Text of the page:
Star Trek Guide

Star Trek: Voyager - Episode Guide - Season 4

This is when Voyager becomes assimilated – not merely by Borg- and Borg technology-centered episodes, but also by the new character Seven of Nine herself.

Stealing the drone through whom the Borg communicated with voyager’s crew during the season-opening battle with Species 8472. In return, the so-called “Seven of Nine” rapidly begins stealing the show, along with the companionship of the Doctor; these two characters essentially become a fragmented Data, i.e. the mouthpiece for outsiders to learn human culture.

The introduction of Seven to the cast also results in the swift ejection of Kes from Star Trek: Voyager, regrettable only in that she didn’t take freakin’ Neelix with her…

1. Scorpion, Part II – A Borg drone is assigned to work with Janeway, Tuvok and the Voyager crew, who come up with an ingenious biological weapon to use against Species 8472. Naturally, the Borg rapidly renege on the deal (shocker!), but Janeway et al are way too clever to completely trust them. ****

2. The Gift – Kes is rapidly “changing” and “becoming something else” (namely expendable with the arrival of Seven of Nine), so her psychokinetic abilities are running amok. The last few minutes with Janeway and Kes running down corridors become unintentionally hilarious if you imagine the explosions are a bombardment from the producers trying to get Kes off the damn show already … **

3. Day of Honor – B’Elanna plays out the events of the Police song “Any Other Day” except on a starship and involving her refusal to complete a Klingon rite of passage. **

4. Nemesis – Not to be confused with the godawful tenth Star Trek movie, “Nemesis” instead tells a strange tale of Chakotay’s informal enlistment into a guerilla war. ***

5. Revulsion – Torres and The Doctor board an alien ship which had sent a distress signal . The sole survivor is a clearly deranged hologram; the whole thing descends into psycho killer mode quickly and, together with “Prototype” serves as a cautionary tale for B’Elanna: Never board an alien ship which is not populated by humanoids. ***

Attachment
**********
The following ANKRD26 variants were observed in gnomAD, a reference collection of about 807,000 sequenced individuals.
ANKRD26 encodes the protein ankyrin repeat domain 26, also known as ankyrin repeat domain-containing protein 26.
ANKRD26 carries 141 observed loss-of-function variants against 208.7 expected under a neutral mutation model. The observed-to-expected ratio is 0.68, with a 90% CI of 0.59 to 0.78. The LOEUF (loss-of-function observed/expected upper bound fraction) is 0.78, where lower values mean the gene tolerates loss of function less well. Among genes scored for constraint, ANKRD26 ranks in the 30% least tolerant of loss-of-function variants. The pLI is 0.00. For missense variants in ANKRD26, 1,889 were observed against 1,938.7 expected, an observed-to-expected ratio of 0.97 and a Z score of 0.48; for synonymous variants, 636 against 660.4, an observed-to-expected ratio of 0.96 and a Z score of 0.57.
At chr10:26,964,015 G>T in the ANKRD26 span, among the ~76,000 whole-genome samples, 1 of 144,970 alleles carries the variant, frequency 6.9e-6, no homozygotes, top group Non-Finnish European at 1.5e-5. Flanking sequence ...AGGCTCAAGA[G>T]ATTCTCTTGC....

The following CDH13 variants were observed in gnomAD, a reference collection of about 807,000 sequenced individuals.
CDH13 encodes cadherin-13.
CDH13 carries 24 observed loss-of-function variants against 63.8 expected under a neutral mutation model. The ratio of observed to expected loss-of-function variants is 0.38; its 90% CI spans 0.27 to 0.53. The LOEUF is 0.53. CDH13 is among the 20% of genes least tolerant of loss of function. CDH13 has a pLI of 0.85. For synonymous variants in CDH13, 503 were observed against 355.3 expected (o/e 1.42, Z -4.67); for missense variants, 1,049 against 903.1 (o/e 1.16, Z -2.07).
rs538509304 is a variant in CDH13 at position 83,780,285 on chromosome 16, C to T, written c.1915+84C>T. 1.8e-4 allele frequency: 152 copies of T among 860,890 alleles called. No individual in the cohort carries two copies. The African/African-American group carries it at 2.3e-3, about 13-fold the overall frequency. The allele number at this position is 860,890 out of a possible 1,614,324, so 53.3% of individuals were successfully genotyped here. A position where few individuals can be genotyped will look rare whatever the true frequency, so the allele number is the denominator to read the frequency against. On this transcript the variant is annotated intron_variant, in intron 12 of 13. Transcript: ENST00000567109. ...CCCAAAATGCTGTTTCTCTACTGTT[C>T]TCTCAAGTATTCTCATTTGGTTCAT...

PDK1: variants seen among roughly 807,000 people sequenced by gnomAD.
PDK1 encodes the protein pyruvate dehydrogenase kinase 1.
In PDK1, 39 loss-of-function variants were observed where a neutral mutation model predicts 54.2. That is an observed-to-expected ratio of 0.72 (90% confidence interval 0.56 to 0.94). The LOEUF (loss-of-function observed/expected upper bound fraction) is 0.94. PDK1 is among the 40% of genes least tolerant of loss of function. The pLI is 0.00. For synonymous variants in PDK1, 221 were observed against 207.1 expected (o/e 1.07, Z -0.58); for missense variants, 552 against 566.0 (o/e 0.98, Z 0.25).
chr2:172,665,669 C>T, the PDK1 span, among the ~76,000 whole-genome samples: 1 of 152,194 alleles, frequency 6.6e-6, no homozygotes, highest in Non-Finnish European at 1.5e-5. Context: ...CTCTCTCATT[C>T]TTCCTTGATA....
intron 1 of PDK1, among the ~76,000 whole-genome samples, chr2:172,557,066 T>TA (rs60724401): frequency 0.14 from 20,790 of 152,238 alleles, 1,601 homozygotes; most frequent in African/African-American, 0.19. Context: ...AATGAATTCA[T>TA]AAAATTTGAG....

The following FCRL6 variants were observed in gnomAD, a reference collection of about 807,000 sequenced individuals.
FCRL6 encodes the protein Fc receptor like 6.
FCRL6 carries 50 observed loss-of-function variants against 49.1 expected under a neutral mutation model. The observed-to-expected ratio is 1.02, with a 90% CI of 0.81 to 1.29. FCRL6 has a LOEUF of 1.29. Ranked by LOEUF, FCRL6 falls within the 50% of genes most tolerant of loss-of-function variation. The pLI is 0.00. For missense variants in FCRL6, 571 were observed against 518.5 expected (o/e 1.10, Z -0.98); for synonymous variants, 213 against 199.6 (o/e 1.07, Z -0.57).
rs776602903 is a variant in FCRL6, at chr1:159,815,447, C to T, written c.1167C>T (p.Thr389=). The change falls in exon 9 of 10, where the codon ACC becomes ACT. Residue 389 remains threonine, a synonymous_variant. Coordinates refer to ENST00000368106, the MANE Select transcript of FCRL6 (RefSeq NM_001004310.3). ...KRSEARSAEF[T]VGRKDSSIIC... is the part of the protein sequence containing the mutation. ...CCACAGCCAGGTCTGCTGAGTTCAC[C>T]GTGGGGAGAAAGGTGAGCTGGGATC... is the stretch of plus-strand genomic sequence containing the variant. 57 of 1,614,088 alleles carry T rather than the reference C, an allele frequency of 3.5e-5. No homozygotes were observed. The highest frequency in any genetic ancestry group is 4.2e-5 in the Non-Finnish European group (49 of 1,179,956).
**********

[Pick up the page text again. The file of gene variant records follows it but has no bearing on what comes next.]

6. The Raven – Slowly becoming biologically more human, Seven has strange visions composed of memories of her time as a drone mixed with symbolic remembrances of her childhood. ***

7. Scientific Method – A dark and über-creepy story about aliens who can walk freely among the specimens of various species upon which they experiment. When Seven finally sees (literally) the reality of the situation on Voyager, it’s almost enough to send her scrabbling back to the collective. ***

8. Year of Hell, Part I – A race with control over time resets history in a region of space through which Voyager is passing. The result is a vast empire “defended” by ships with superior technology to Voyager’s, and months upon months of continuous attacks. Meanwhile, Chakotay and Paris are captured by the “timeship” manipulating history repeatedly. ***

9. Year of Hell, Part II – A seriously shredded Voyager takes refuge in a nebula (good old nebula!) to enact repairs. Aboard the timeship, Chakotay finally sees the egocentric nature of the captain’s ways. They manage to restore the timeline which began this leg of the voyage (or at least close enough) and even provide the captain which a more productive life in the reset universe. ***

10. Random Thoughts – On a world where violent thoughts themselves are forbidden, B’Elanna is busted for just such crimethink. Seeing Tuvok solve a whodunit mystery is always cool, but the suspense in this one is ruined fairly early by a very small cast. ***

11. Concerning Flight – Components of Voyager as well as Janeway’s hologram of Leonardo da Vinci are (rather easily) stolen and about to be fleeced on the black market. So Janeway and Da Vinci save the day, escaping via a magical glider which hypnotizes pursuers into not shooting from 60 or so feet away. **

12. Mortal Coil – A freak accident kills Neelix, and when Seven unfortunately revives him 10 hours later, he whines about the lack of afterlife. *